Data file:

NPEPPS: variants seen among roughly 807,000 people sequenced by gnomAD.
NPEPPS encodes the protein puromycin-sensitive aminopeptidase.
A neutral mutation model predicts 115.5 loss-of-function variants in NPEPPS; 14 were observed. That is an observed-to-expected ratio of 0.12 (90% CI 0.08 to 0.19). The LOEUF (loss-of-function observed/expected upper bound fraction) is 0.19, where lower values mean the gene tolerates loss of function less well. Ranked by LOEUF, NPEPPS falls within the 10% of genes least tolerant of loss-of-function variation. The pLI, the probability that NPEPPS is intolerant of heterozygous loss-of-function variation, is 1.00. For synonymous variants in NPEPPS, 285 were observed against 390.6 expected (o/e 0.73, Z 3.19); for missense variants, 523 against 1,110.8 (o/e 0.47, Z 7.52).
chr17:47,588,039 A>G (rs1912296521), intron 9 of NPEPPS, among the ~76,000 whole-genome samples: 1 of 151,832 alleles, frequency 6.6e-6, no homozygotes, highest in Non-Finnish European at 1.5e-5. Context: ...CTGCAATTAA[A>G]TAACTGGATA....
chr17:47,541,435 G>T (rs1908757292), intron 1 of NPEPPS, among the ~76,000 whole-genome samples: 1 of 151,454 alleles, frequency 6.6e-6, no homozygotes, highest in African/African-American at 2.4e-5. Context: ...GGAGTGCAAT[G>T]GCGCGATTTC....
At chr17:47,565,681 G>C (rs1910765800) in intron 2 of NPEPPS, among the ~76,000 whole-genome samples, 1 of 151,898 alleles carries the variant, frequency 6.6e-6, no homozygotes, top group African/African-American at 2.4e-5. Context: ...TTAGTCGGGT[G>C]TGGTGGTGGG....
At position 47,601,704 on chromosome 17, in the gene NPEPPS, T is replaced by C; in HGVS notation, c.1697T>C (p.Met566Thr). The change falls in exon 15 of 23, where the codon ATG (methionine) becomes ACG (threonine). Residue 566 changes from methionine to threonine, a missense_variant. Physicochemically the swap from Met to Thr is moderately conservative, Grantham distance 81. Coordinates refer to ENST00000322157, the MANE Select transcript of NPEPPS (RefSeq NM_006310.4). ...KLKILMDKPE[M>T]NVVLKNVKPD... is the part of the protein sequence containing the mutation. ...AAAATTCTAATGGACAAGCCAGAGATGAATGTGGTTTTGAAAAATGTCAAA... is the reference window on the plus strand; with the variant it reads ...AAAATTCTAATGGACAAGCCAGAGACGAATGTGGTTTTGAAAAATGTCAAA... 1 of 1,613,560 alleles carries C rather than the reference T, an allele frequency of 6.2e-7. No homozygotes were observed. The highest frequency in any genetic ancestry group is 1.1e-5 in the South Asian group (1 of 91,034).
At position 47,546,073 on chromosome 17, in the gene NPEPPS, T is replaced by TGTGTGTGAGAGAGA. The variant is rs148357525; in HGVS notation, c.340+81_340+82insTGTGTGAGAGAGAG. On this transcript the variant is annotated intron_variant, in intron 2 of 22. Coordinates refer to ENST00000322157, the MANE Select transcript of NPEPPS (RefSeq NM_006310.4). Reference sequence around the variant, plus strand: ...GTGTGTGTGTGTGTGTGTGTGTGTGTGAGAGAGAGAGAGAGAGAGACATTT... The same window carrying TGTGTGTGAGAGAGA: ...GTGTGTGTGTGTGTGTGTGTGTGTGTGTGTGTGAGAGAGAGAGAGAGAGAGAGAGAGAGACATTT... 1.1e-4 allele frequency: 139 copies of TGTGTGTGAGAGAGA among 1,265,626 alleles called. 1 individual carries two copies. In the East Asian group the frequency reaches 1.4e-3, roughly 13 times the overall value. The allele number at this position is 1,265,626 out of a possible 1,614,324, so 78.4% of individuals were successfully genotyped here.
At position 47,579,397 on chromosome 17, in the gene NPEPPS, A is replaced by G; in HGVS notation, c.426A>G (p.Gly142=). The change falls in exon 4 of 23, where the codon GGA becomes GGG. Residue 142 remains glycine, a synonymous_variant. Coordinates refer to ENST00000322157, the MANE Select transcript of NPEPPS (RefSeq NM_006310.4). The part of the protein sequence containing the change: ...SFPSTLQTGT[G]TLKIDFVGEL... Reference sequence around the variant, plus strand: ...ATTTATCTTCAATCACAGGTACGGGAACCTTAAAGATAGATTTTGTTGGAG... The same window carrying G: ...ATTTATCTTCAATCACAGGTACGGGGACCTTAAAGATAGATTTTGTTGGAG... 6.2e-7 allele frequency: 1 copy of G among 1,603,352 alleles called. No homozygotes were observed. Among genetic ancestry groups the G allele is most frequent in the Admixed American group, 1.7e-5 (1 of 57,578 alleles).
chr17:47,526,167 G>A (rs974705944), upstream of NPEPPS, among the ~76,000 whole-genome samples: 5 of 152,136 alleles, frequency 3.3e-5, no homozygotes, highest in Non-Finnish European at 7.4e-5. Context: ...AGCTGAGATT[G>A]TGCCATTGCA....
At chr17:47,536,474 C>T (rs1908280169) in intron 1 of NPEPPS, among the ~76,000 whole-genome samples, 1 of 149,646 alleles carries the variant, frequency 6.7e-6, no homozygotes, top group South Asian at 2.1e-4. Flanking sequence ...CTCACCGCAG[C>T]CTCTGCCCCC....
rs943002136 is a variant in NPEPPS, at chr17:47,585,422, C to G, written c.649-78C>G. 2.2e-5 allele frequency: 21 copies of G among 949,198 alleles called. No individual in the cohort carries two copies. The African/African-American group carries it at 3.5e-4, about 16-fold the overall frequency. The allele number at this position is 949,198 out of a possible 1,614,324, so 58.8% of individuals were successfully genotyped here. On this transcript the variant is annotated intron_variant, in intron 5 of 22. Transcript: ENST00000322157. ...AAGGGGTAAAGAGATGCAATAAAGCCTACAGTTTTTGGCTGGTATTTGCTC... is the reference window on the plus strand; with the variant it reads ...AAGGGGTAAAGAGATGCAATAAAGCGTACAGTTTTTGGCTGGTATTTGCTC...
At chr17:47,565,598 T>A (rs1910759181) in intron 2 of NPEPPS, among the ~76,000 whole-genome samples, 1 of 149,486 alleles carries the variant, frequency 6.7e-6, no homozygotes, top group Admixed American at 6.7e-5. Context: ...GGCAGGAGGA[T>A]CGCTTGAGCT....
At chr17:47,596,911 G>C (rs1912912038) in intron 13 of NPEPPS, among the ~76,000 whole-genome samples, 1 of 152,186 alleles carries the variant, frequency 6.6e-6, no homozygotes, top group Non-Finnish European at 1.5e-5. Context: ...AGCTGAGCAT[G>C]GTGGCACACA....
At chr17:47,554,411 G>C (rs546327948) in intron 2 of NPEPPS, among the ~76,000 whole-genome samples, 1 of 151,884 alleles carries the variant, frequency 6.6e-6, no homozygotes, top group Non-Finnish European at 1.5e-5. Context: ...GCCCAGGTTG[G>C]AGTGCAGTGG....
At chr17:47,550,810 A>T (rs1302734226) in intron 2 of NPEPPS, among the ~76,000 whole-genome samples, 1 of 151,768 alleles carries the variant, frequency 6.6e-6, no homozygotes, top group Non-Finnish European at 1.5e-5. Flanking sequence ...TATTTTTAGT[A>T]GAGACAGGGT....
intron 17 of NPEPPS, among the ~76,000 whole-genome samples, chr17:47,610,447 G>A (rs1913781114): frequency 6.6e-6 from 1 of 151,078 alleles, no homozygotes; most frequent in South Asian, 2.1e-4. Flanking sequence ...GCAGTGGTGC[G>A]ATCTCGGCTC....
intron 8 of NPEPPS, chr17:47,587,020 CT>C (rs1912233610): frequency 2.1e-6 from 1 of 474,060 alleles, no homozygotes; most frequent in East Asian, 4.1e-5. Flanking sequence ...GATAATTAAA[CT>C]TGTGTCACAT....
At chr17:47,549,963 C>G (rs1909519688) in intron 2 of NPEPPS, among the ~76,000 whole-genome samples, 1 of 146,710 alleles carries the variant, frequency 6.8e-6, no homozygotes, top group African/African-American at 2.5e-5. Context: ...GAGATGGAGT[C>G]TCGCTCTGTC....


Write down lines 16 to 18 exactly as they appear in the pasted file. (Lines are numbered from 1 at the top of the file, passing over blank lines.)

At chr17:47,550,810 A>T (rs1302734226) in intron 2 of NPEPPS, among the ~76,000 whole-genome samples, 1 of 151,768 alleles carries the variant, frequency 6.6e-6, no homozygotes, top group Non-Finnish European at 1.5e-5. Flanking sequence ...TATTTTTAGT[A>T]GAGACAGGGT....
intron 17 of NPEPPS, among the ~76,000 whole-genome samples, chr17:47,610,447 G>A (rs1913781114): frequency 6.6e-6 from 1 of 151,078 alleles, no homozygotes; most frequent in South Asian, 2.1e-4. Flanking sequence ...GCAGTGGTGC[G>A]ATCTCGGCTC....
intron 8 of NPEPPS, chr17:47,587,020 CT>C (rs1912233610): frequency 2.1e-6 from 1 of 474,060 alleles, no homozygotes; most frequent in East Asian, 4.1e-5. Flanking sequence ...GATAATTAAA[CT>C]TGTGTCACAT....